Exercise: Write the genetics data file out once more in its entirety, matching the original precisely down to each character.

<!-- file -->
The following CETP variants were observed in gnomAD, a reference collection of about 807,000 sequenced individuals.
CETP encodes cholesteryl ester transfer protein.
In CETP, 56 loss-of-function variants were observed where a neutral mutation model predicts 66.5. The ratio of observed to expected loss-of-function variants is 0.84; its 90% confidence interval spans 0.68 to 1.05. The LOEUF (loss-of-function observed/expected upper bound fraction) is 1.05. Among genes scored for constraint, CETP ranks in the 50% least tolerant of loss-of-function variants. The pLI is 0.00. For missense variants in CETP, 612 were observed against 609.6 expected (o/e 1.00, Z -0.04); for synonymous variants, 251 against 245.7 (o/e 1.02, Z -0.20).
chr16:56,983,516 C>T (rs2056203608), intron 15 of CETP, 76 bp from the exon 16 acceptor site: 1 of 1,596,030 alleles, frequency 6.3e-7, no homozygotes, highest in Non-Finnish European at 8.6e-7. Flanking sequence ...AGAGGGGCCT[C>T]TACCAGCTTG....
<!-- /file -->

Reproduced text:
The following CETP variants were observed in gnomAD, a reference collection of about 807,000 sequenced individuals.
CETP encodes cholesteryl ester transfer protein.
In CETP, 56 loss-of-function variants were observed where a neutral mutation model predicts 66.5. The ratio of observed to expected loss-of-function variants is 0.84; its 90% confidence interval spans 0.68 to 1.05. The LOEUF (loss-of-function observed/expected upper bound fraction) is 1.05. Among genes scored for constraint, CETP ranks in the 50% least tolerant of loss-of-function variants. The pLI is 0.00. For missense variants in CETP, 612 were observed against 609.6 expected (o/e 1.00, Z -0.04); for synonymous variants, 251 against 245.7 (o/e 1.02, Z -0.20).
chr16:56,983,516 C>T (rs2056203608), intron 15 of CETP, 76 bp from the exon 16 acceptor site: 1 of 1,596,030 alleles, frequency 6.3e-7, no homozygotes, highest in Non-Finnish European at 8.6e-7. Flanking sequence ...AGAGGGGCCT[C>T]TACCAGCTTG....